The Annual Custer State Park Roundup

By Jenny Peters

If you’ve ever thought of channeling your inner cowpoke and heading to the wilds of Western South Dakota to check out everything from the Badlands to Deadwood, then September is the time to hop in your trusty steed (we suggest a car or airplane) and go West.

That’s because in addition to finding good weather, September is the time for the 56th Annual Custer State Park Buffalo Roundup, an Old West spectacle that will boggle your mind.

The Buffalo Roundup happens at 9:30 am on September 24th this year, as a phalanx of horseback-riding cowboys and cowgirls join park rangers and pickup-truck wranglers who work together to round up the over 1400 buffalo that live in the park all year round. The point of the yearly roundup is twofold. First, this annual event serves to cull the healthy heard of 400 beasts sold off to farms. And second, it allows the rangers to inoculate and observe the health of the rest of the herd, then set them loose to live another undisturbed year.

Arrive early to get a good spot on one of the hillsides that overlook this wild, massive roundup, as wranglers push the buffalo from all directions over the surrounding hills. The thundering of hooves, the whooping of the riders, and the cheers from the spectators create an overwhelming cacophony and visual swirl that is genuinely a one-of-a-kind life experience that’s free of charge.

There is also the three-day Arts Festival that coincides with the roundup (September 23-25), featuring local South Dakota artists. You’ll pay a park entrance fee for that, but park admission is free on roundup day.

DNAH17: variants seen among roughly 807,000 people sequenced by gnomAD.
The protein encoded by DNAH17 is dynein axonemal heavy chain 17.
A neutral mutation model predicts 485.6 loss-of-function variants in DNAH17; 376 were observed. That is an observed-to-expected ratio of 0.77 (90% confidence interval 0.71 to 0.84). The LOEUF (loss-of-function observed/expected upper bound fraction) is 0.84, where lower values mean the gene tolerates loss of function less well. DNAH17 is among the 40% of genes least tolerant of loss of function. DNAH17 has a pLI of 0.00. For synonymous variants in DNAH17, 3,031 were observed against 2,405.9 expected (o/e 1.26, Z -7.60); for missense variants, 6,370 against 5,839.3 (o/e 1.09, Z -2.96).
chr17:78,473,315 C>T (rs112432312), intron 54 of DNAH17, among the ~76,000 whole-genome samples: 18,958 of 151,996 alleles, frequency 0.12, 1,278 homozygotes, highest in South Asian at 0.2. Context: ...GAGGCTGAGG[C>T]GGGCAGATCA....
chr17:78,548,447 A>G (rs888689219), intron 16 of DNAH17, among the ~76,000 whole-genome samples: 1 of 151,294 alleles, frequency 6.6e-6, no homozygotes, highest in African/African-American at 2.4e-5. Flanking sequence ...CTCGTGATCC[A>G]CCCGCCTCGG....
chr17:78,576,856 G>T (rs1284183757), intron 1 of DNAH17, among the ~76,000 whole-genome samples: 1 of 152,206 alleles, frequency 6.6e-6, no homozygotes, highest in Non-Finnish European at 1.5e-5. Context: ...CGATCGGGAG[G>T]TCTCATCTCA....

Stay inside Custer State Park at the classic Sylvan Lake Lodge for a rustic experience within a wooded landscape on the shores of the lake, as a home base for doing the roundup and visiting the landmark sites. There’s water sports, hiking, and horseback riding to get your blood moving here. Or stay in Rapid City, where numerous modern hotels beckon and sophisticated restaurants, shops, and statues of U.S. presidents dot the easily walkable downtown area.

From either place, go up into the Black Hills to visit Deadwood, that silver-rush town that Wild Bill Hickok and Calamity Jane helped make famous. Visit Wild Bill’s Bar, the spot where Hickok died holding aces backed by eights, the Dead Man’s Hand.

Both Mt. Rushmore and the Crazy Horse Memorial are also located in the Black Hills and are must-see stops. If you love caves, discover both Jewel Cave National Monument and Wind Cave National Park. They are colossal cave systems with fascinating histories and spelunking experiences.

Make time to head east as well, to see the breathtaking Badlands National Park, where buffalo roam and craggy sandstone/limestone/shale rock formations offer up dinosaur and other paleontological finds. Don’t miss Wall Drug, where thirsty travelers began stopping in the early 1930s and still do, for water, their famous donuts, and photo ops on top of the vast “jackalope” statue outback.

When hunger strikes, put Lintz Bros. Pizza in Hermosa on your eating list, for they are making great pizza in that small town and don’t miss the Three Little Pigs pizza. In Custer, check out both the Sage Creek Grille and Skogen Kitchen, two top-notch eateries; in Rapid City, enjoy the Firehouse Brewing Company’s beers and casual fare, served up in the town’s quaint old brick firehouse.

For more information on the Buffalo Roundup, visit; for information on South Dakota, visit

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